Young Folks Treasury, Volume 2 (of 12) eBook

This eBook from the Gutenberg Project consists of approximately 686 pages of information about Young Folks Treasury, Volume 2 (of 12).

But Richard did not stay in England.  Far, far over the seas there is a country called Palestine.  There our Lord was born, lived, and died.  Christian people in all ages must think tenderly and gratefully of that far-off country.  But at this time it had fallen into the hands of the heathen.  It seemed to Christian people in those days that it would be a terrible sin to allow wicked heathen to live in the Holy Land.  So they gathered together great armies of brave men from every country in the world and sent them to try to win it back.  Many brave deeds were done, many terrible battles fought, but still the heathen kept possession.

Then brave King Richard of England said he too would fight for the city of our Lord.  So he gathered together as much money as he could find, and as many brave men as would follow him, and set out for the Holy Land.  Before he went away he called two bishops who he thought were good and wise men, and said to them:  “Take care of England while I am gone.  Rule my people wisely and well, and I will reward you when I return.”  The bishops promised to do as he asked.  Then he said farewell and sailed away.

Now King Richard had a brother who was called Prince John.  Prince John was quite different from King Richard in every way.  He was not at all a nice man.  He was jealous of Richard because he was king, and angry because he himself had not been chosen to rule while Richard was in Palestine.  As soon as his brother had gone, John went to the bishops and said, “You must let me rule while the King is away.”  And the bishops allowed him to do so.  Deep down in his wicked heart John meant to make himself king altogether, and never let Richard come back any more.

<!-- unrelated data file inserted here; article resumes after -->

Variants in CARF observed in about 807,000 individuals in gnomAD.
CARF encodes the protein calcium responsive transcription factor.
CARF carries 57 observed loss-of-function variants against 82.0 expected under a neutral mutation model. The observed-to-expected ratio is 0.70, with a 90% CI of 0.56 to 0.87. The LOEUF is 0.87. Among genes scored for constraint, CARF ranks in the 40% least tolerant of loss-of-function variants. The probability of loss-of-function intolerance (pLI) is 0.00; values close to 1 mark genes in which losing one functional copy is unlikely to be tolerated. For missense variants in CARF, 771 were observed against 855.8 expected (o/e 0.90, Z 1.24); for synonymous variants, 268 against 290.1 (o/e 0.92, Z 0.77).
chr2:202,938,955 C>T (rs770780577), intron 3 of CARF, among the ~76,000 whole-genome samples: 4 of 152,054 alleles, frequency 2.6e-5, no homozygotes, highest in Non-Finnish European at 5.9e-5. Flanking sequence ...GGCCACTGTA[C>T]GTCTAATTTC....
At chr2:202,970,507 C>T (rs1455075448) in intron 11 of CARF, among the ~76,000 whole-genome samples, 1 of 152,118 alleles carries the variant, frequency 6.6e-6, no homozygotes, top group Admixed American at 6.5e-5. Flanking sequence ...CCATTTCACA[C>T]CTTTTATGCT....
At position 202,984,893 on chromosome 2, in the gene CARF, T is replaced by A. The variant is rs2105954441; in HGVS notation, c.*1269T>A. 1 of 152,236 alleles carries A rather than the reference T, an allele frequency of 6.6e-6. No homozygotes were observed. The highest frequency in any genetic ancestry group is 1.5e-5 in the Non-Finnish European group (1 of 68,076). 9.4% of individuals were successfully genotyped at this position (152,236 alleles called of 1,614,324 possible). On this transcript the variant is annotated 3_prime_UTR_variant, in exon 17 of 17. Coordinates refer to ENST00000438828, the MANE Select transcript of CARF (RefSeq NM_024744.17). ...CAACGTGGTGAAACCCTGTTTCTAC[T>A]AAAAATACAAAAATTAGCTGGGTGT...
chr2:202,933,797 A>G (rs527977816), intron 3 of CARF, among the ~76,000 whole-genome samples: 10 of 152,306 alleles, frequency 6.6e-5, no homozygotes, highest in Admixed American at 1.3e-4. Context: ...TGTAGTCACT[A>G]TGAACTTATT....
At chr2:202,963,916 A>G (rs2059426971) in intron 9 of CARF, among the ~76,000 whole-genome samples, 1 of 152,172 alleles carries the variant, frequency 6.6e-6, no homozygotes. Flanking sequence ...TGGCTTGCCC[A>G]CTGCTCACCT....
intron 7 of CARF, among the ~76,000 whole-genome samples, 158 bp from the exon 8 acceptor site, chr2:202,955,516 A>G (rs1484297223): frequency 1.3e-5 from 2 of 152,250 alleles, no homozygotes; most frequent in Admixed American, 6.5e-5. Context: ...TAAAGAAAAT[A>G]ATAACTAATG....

A very sad time now began for the Saxons.  John tried to please the haughty Normans because they were great and powerful, and he hoped they would help to make him king.  He thought the best way to please them was to give them land and money.  So as he had none of his own (he was indeed called John Lackland) he took it from the Saxons and gave it to the Normans.  Thus many of the Saxons once more became homeless beggars, and lived a wild life in the forests, which covered a great part of England at this time.

Now among the few Saxon nobles who still remained, and who had not been robbed of their lands and money, there was one called Robert, Earl of Huntingdon.  He had one son also named Robert, but people called him Robin.  He was a favorite with every one.  Tall, strong, handsome, and full of fun, he kept his father’s house bright with songs and laughter.  He was brave and fearless too, and there was no better archer in all the countryside.  And with it all he was gentle and tender, never hurting the weak nor scorning the poor.

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Young Folks Treasury, Volume 2 (of 12) from Project Gutenberg. Public domain.
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